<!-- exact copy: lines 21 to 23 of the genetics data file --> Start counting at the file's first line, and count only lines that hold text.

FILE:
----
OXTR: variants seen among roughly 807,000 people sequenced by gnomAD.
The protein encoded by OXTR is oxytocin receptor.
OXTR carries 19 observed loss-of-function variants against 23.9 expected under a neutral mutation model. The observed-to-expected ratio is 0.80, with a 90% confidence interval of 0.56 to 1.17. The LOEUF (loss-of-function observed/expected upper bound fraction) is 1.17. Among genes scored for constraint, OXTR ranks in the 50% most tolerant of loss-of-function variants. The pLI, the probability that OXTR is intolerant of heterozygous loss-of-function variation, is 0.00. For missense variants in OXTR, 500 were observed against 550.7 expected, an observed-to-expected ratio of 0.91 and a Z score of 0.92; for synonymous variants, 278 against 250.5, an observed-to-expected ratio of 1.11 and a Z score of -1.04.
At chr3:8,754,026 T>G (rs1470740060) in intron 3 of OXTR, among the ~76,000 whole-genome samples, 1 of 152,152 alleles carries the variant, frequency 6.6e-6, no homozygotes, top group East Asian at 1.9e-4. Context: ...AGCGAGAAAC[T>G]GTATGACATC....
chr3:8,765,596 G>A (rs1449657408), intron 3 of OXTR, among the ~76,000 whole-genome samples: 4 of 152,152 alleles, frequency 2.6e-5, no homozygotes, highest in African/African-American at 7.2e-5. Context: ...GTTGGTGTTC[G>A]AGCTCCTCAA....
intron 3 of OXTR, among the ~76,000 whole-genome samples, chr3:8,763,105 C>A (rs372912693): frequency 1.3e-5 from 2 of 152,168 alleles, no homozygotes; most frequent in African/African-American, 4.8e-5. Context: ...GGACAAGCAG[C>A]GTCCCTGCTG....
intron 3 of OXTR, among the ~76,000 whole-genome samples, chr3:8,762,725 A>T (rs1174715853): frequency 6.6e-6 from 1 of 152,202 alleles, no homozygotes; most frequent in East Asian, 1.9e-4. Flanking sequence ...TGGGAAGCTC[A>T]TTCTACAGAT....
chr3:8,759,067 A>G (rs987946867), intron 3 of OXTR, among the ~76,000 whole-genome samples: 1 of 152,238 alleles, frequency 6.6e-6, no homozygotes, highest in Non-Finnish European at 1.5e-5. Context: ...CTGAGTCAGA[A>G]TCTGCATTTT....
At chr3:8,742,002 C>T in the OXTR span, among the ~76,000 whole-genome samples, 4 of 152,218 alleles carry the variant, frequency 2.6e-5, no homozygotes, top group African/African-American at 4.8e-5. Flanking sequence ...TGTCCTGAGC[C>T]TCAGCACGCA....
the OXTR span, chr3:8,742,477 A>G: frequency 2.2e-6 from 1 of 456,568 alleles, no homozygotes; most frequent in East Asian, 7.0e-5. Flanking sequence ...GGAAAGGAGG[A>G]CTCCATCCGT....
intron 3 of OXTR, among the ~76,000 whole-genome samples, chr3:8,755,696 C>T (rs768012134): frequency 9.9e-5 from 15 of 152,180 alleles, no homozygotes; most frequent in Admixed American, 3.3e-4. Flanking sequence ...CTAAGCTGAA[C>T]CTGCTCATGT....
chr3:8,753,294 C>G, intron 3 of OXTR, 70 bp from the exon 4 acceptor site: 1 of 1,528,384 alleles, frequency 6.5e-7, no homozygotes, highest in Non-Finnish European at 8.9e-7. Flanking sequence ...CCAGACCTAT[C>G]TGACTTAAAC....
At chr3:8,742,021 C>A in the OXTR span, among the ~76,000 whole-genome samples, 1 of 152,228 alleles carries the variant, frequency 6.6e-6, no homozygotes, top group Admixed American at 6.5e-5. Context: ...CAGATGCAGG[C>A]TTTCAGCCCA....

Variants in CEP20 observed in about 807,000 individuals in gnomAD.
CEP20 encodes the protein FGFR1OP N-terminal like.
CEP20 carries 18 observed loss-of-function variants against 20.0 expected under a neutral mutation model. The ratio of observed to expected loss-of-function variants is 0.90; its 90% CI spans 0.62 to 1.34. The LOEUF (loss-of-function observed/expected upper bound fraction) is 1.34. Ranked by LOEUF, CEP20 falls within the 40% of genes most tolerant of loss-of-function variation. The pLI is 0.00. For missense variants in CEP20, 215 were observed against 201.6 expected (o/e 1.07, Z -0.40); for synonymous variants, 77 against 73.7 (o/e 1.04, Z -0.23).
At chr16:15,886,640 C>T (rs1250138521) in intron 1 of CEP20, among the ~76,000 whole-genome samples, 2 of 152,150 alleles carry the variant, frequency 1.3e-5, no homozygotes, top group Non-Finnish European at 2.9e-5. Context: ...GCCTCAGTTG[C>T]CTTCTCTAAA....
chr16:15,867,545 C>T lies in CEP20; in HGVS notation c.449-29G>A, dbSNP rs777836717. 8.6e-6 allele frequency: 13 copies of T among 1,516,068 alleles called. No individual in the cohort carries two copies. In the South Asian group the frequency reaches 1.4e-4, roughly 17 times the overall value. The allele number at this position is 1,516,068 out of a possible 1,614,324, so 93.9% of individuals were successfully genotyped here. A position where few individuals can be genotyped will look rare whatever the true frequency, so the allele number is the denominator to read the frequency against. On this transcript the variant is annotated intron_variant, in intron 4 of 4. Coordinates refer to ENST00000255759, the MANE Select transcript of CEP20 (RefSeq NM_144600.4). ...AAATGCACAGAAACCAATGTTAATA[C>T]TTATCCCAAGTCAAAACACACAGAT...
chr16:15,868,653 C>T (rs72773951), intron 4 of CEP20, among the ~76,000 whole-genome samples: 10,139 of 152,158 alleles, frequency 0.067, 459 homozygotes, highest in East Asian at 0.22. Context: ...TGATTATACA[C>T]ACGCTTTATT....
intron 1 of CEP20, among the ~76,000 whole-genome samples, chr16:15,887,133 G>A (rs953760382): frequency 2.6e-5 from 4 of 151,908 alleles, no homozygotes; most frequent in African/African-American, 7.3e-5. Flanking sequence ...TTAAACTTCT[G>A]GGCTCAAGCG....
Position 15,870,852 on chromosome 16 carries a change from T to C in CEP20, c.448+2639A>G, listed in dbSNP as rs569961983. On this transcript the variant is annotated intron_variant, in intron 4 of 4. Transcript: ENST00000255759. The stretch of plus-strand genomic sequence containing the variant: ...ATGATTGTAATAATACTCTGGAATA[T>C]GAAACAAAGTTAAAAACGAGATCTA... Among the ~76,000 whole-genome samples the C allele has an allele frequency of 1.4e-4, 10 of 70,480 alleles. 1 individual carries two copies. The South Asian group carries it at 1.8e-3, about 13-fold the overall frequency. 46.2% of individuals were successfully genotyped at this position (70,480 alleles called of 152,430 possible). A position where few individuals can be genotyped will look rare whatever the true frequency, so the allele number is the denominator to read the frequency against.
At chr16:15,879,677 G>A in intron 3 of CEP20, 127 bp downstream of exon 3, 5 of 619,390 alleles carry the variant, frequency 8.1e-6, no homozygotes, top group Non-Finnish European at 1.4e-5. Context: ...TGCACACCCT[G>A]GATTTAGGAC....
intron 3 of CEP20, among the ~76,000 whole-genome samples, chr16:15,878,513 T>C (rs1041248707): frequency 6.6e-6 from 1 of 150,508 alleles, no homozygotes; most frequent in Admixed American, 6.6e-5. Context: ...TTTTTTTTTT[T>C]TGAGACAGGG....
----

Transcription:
Position 15,870,852 on chromosome 16 carries a change from T to C in CEP20, c.448+2639A>G, listed in dbSNP as rs569961983. On this transcript the variant is annotated intron_variant, in intron 4 of 4. Transcript: ENST00000255759. The stretch of plus-strand genomic sequence containing the variant: ...ATGATTGTAATAATACTCTGGAATA[T>C]GAAACAAAGTTAAAAACGAGATCTA... Among the ~76,000 whole-genome samples the C allele has an allele frequency of 1.4e-4, 10 of 70,480 alleles. 1 individual carries two copies. The South Asian group carries it at 1.8e-3, about 13-fold the overall frequency. 46.2% of individuals were successfully genotyped at this position (70,480 alleles called of 152,430 possible). A position where few individuals can be genotyped will look rare whatever the true frequency, so the allele number is the denominator to read the frequency against.
At chr16:15,879,677 G>A in intron 3 of CEP20, 127 bp downstream of exon 3, 5 of 619,390 alleles carry the variant, frequency 8.1e-6, no homozygotes, top group Non-Finnish European at 1.4e-5. Context: ...TGCACACCCT[G>A]GATTTAGGAC....
intron 3 of CEP20, among the ~76,000 whole-genome samples, chr16:15,878,513 T>C (rs1041248707): frequency 6.6e-6 from 1 of 150,508 alleles, no homozygotes; most frequent in Admixed American, 6.6e-5. Context: ...TTTTTTTTTT[T>C]TGAGACAGGG....